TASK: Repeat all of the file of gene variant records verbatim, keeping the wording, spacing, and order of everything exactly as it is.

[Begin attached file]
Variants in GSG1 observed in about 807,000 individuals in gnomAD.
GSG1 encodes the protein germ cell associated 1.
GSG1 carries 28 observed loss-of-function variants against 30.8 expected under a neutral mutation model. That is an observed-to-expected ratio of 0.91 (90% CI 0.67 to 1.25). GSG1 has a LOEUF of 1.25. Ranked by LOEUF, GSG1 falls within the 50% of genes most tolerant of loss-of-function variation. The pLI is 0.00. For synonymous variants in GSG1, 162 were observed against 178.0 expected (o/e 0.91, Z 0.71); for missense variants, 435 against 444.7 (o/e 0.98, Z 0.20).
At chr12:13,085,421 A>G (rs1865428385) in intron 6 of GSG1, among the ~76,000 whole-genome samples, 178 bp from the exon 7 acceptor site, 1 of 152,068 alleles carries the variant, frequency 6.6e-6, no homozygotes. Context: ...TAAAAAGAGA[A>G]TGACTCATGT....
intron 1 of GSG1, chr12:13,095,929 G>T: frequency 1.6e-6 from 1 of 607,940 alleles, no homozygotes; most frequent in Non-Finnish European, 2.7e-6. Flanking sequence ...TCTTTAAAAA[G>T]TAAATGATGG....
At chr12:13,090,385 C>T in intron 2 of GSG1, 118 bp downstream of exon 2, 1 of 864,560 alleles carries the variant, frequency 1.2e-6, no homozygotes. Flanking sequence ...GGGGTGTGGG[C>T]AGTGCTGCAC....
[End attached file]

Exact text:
Variants in GSG1 observed in about 807,000 individuals in gnomAD.
GSG1 encodes the protein germ cell associated 1.
GSG1 carries 28 observed loss-of-function variants against 30.8 expected under a neutral mutation model. That is an observed-to-expected ratio of 0.91 (90% CI 0.67 to 1.25). GSG1 has a LOEUF of 1.25. Ranked by LOEUF, GSG1 falls within the 50% of genes most tolerant of loss-of-function variation. The pLI is 0.00. For synonymous variants in GSG1, 162 were observed against 178.0 expected (o/e 0.91, Z 0.71); for missense variants, 435 against 444.7 (o/e 0.98, Z 0.20).
At chr12:13,085,421 A>G (rs1865428385) in intron 6 of GSG1, among the ~76,000 whole-genome samples, 178 bp from the exon 7 acceptor site, 1 of 152,068 alleles carries the variant, frequency 6.6e-6, no homozygotes. Context: ...TAAAAAGAGA[A>G]TGACTCATGT....
intron 1 of GSG1, chr12:13,095,929 G>T: frequency 1.6e-6 from 1 of 607,940 alleles, no homozygotes; most frequent in Non-Finnish European, 2.7e-6. Flanking sequence ...TCTTTAAAAA[G>T]TAAATGATGG....
At chr12:13,090,385 C>T in intron 2 of GSG1, 118 bp downstream of exon 2, 1 of 864,560 alleles carries the variant, frequency 1.2e-6, no homozygotes. Flanking sequence ...GGGGTGTGGG[C>T]AGTGCTGCAC....